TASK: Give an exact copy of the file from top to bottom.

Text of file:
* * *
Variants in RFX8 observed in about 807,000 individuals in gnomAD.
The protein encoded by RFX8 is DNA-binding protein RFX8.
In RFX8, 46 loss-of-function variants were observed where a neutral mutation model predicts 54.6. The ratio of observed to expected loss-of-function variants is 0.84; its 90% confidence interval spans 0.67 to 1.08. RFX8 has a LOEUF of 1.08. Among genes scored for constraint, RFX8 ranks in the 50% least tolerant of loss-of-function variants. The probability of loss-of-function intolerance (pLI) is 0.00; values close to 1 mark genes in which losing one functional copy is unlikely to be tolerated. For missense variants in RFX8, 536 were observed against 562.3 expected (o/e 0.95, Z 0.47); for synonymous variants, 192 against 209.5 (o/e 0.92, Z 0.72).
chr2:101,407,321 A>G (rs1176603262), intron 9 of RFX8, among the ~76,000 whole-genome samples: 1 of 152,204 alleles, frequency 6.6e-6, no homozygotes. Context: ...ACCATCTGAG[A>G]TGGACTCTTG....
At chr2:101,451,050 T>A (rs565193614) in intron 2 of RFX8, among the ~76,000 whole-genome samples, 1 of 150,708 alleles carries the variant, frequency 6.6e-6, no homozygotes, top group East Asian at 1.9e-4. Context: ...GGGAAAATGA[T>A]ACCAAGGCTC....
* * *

Variants in RFX8 observed in about 807,000 individuals in gnomAD.
The protein encoded by RFX8 is DNA-binding protein RFX8.
In RFX8, 46 loss-of-function variants were observed where a neutral mutation model predicts 54.6. The ratio of observed to expected loss-of-function variants is 0.84; its 90% confidence interval spans 0.67 to 1.08. RFX8 has a LOEUF of 1.08. Among genes scored for constraint, RFX8 ranks in the 50% least tolerant of loss-of-function variants. The probability of loss-of-function intolerance (pLI) is 0.00; values close to 1 mark genes in which losing one functional copy is unlikely to be tolerated. For missense variants in RFX8, 536 were observed against 562.3 expected (o/e 0.95, Z 0.47); for synonymous variants, 192 against 209.5 (o/e 0.92, Z 0.72).
chr2:101,407,321 A>G (rs1176603262), intron 9 of RFX8, among the ~76,000 whole-genome samples: 1 of 152,204 alleles, frequency 6.6e-6, no homozygotes. Context: ...ACCATCTGAG[A>G]TGGACTCTTG....
At chr2:101,451,050 T>A (rs565193614) in intron 2 of RFX8, among the ~76,000 whole-genome samples, 1 of 150,708 alleles carries the variant, frequency 6.6e-6, no homozygotes, top group East Asian at 1.9e-4. Context: ...GGGAAAATGA[T>A]ACCAAGGCTC....